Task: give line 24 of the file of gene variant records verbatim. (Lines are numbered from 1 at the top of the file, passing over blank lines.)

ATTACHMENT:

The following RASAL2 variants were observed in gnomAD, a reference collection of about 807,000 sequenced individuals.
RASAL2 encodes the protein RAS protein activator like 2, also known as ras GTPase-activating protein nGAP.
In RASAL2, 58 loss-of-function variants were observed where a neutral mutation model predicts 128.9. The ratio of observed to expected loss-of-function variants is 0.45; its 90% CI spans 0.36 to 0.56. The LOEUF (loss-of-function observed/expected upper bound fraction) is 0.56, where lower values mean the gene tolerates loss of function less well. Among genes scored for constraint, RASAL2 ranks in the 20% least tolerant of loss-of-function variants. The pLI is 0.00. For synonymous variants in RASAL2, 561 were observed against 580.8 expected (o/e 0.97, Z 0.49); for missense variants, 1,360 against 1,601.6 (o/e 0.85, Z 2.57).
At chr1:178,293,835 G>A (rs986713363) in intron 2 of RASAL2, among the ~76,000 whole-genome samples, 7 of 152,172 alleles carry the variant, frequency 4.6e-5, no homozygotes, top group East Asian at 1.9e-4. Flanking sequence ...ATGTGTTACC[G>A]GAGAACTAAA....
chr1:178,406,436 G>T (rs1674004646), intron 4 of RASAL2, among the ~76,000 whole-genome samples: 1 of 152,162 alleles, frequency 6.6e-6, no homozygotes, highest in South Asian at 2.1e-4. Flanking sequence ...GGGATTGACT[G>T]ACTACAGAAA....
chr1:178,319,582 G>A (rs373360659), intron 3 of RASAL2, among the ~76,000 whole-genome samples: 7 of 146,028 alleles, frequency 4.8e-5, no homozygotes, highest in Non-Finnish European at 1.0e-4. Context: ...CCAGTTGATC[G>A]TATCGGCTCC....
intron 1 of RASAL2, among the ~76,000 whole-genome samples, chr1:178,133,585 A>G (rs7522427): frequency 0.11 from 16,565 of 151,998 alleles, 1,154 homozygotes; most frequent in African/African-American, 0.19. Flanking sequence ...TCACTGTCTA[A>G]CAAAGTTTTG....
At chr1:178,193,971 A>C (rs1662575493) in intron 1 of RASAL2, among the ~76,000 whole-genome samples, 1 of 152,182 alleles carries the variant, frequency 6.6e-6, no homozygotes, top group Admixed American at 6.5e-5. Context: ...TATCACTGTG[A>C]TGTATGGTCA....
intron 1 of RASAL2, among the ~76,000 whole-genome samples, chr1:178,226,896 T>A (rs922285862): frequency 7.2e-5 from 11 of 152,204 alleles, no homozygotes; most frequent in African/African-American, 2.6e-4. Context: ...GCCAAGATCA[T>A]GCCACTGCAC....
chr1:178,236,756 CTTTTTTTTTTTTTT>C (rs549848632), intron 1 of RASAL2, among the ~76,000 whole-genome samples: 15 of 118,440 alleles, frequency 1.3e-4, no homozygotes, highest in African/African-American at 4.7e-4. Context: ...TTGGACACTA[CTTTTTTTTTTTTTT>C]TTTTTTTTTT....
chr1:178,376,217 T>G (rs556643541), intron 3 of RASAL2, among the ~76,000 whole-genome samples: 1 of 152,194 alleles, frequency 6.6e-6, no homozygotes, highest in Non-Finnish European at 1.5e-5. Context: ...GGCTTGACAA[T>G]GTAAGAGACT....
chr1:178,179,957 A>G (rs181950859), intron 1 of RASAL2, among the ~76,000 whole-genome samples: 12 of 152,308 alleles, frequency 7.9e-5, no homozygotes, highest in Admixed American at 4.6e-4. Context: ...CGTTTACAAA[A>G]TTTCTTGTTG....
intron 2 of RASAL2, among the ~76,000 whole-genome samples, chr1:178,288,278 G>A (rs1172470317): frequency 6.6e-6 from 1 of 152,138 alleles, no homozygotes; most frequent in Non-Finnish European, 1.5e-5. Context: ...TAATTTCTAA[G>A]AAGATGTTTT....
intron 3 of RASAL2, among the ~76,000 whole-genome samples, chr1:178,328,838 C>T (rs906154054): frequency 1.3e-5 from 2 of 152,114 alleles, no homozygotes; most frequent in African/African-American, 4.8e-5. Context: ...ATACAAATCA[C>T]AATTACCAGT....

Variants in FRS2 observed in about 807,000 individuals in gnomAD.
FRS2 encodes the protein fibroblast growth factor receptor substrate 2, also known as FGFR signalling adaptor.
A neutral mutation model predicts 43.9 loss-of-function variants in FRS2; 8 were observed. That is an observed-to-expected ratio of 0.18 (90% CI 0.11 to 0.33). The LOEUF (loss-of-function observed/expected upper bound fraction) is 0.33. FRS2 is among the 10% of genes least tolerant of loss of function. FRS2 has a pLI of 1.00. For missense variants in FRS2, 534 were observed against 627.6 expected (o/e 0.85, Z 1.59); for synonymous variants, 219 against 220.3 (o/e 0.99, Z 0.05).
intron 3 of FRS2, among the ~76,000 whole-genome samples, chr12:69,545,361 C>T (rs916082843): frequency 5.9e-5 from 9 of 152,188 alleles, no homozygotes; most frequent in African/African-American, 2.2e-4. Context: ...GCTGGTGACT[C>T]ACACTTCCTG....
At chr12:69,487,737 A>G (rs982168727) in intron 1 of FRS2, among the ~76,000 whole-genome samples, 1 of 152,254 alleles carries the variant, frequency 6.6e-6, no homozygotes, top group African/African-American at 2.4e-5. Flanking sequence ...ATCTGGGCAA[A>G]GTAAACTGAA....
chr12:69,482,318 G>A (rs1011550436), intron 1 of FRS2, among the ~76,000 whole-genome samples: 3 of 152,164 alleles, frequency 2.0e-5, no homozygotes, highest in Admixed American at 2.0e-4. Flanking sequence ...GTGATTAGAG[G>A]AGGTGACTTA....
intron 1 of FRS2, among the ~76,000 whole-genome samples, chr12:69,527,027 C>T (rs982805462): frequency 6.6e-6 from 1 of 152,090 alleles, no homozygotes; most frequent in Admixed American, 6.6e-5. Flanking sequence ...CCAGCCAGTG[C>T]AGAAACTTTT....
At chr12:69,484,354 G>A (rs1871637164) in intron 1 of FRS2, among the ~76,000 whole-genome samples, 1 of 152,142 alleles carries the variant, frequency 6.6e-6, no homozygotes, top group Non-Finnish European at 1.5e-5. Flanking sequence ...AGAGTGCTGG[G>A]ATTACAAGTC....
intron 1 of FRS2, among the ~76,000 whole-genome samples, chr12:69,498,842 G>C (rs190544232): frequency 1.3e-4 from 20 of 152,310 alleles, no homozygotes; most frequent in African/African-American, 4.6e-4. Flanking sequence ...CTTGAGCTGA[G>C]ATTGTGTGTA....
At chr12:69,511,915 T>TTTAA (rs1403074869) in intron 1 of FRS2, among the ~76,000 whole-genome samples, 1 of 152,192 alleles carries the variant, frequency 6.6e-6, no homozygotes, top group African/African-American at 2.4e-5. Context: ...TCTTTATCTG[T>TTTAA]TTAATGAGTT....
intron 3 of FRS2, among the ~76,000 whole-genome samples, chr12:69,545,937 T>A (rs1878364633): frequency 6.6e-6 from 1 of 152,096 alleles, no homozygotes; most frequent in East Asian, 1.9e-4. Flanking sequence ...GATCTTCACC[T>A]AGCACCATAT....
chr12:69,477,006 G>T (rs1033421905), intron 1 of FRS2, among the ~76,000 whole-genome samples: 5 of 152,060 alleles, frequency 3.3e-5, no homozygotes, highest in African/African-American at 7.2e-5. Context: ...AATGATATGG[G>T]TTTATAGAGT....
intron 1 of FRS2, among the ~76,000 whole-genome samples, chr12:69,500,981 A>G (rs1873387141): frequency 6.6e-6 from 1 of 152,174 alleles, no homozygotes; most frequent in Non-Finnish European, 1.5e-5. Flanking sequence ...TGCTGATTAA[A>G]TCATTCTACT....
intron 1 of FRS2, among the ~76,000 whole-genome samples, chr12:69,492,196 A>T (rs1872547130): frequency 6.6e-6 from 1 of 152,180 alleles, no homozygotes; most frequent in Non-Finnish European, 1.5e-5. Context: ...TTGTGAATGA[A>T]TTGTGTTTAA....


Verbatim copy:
At chr12:69,511,915 T>TTTAA (rs1403074869) in intron 1 of FRS2, among the ~76,000 whole-genome samples, 1 of 152,192 alleles carries the variant, frequency 6.6e-6, no homozygotes, top group African/African-American at 2.4e-5. Context: ...TCTTTATCTG[T>TTTAA]TTAATGAGTT....